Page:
PALM OIL NEWS
February 10, 2020


Palm oil firm’s NDPE in Leuser Ecosystem deserves support


JAKARTA (foresthints.news) - A controversial palm oil company (PT ABN) whose concession lies in part of the Leuser Ecosystem recently reaffirmed in a letter (Jan 30) its commitment to building partnerships to adopt a No Deforestation, No Peat and No Exploitation (NDPE) policy.

Controversy surrounds this company due to its clearing of most of the remaining forests - home to the Sumatran elephant - in its concession in 2016-2017, at the same time the Indonesian Environment and Forestry Ministry was legally intervening to stop this deforestation.

The company’s commitment comes as what is left in its palm oil concession are merely elephant migration routes. These are located in the relatively small remaining secondary forests and old palm oil plantation blocks allocated for conservation.

These elephant migration routes are shown by Greenomics Indonesia in the following image. The coordinate points were obtained from the palm oil company.

The company’s commitment is basically no different to what its owner said two years ago in an in-depth discussion with foresthints.news, also attended by the Greenomics team, which was reported on by this news portal at the time. 

“The palm oil company’s letter is still important, even though it’s too late because most of the remaining forests in the concession have been removed for new palm oil plantations,” said Vanda Mutia Dewi, Executive Director of Greenomics Indonesia (Feb 8).

“Nevertheless, if we look at the efforts needed to protect the existing elephant routes in the concession and to ensure that the company’s soon-to-operate new mill is aligned with NDPE practices, the company’s move is still worthy of support,” she added.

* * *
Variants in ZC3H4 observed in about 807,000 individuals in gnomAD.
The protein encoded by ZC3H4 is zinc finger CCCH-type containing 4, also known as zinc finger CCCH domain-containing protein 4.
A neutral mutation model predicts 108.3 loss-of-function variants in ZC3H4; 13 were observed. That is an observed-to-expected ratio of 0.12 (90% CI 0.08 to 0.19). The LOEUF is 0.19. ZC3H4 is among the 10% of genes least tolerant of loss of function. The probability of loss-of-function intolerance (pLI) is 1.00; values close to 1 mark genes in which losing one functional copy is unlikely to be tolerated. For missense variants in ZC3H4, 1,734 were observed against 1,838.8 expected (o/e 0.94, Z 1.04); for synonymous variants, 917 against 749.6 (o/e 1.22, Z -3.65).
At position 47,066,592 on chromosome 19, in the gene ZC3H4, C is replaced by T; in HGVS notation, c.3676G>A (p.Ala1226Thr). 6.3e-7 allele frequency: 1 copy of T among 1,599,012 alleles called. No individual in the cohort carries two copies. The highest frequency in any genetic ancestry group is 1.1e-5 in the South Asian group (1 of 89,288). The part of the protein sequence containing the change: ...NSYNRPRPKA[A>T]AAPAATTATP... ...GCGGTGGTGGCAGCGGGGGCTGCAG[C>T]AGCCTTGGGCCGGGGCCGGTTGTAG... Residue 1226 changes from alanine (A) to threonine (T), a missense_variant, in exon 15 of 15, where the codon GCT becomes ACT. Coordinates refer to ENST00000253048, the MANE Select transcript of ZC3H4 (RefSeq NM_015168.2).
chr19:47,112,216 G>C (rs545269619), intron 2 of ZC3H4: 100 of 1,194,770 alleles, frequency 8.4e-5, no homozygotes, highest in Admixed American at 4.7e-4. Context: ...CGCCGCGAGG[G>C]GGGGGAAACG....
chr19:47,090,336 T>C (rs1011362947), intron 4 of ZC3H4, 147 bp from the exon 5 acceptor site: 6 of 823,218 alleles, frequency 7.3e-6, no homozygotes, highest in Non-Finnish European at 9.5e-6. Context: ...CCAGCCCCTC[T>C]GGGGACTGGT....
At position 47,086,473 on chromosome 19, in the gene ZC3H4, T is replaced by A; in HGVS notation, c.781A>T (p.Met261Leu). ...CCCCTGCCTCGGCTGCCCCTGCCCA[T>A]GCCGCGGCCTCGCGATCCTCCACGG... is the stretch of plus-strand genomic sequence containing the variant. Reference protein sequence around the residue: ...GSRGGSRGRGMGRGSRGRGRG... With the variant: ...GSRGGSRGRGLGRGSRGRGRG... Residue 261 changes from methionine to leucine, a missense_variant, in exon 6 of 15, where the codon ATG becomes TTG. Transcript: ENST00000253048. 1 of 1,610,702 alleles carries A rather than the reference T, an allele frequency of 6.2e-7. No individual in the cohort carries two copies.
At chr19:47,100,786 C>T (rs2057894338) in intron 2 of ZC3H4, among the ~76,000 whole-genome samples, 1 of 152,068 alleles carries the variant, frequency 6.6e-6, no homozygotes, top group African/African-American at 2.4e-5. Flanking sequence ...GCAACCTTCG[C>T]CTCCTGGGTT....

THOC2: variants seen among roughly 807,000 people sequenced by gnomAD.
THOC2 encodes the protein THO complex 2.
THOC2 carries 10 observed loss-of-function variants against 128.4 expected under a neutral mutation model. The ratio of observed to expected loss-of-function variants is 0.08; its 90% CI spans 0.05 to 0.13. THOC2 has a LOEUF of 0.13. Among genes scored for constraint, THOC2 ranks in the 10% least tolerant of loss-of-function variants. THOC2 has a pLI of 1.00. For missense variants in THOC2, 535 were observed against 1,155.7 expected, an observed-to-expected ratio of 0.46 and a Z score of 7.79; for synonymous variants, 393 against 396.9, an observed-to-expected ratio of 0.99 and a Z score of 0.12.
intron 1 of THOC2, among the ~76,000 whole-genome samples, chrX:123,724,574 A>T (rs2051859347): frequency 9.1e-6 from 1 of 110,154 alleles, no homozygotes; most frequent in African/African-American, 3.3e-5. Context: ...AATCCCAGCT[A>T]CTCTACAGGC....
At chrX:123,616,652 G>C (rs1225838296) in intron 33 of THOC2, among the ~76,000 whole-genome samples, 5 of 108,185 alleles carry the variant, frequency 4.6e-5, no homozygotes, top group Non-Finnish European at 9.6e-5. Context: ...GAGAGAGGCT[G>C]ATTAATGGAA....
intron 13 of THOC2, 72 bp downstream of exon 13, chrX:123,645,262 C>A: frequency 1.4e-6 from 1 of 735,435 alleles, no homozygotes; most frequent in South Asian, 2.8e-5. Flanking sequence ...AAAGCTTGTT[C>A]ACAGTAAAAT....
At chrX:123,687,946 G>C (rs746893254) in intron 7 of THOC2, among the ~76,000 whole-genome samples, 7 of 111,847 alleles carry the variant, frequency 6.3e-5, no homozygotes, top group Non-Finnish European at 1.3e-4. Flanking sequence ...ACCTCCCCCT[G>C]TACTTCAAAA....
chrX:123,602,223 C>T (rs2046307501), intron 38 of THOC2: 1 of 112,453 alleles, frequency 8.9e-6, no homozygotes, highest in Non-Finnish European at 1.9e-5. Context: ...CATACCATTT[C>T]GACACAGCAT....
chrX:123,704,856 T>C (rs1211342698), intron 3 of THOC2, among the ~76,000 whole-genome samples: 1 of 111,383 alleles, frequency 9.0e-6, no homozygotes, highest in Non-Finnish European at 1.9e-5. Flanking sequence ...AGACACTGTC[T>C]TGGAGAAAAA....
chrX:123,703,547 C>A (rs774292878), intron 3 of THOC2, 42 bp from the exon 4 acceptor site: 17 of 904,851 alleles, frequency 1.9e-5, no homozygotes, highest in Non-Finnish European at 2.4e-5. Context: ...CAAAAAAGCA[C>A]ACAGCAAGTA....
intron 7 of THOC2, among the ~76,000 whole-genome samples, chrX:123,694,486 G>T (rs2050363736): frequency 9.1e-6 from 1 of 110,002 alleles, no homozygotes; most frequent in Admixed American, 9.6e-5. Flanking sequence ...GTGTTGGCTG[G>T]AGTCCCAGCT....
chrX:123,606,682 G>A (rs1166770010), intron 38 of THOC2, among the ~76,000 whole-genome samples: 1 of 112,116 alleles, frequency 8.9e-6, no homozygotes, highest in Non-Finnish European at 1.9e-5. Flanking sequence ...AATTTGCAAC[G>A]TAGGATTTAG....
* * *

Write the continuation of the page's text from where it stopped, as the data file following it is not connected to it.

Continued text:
The images below, presented by Greenomics, depict the ongoing replanting operations which exclude the palm oil concession’s Sumatran elephant migration routes in areas allocated as conservation blocks.

New mill with transparent supply chain 

In its letter, the palm oil company declared that it will implement a clear and transparent supply chain, including refraining from sourcing fresh fruit bunches from illegal palm oil plantations, for its new mill.

US-based environmental NGO Rainforest Action Network (RAN) recently posted its stance (Feb 7) on the company's move.

In its blog, RAN lauded the palm oil company’s pledge as “a much-needed commitment to protect rainforests and ensure its operations comply with global market requirements to halt deforestation for palm oil.”

RAN added, “With its long track record as a bad actor in the region, it’s imperative that major brands and traders exposed for sourcing from PT ABN, such as Wilmar, GAR, Nestlé, Mondelēz and Mars, engage with PT ABN.”

According to RAN, this is to ensure that “the palm oil company follows through on the implementation of its commitment to protect these forests, and establish systems to ensure that its new mill only sources traceable and deforestation-free palm oil.”

Environment and Forestry Minister Siti Nurbaya legally incorporated the Leuser Ecosystem’s boundaries into the Aceh spatial plan through a ministerial decree in November 2016.

Prior to this the 2013 Aceh spatial plan had excluded the Leuser Ecosystem’s boundaries, but thanks to the minister’s legal move the Leuser Ecosystem now forms an integral and inseparable part of the Aceh spatial plan.


                 


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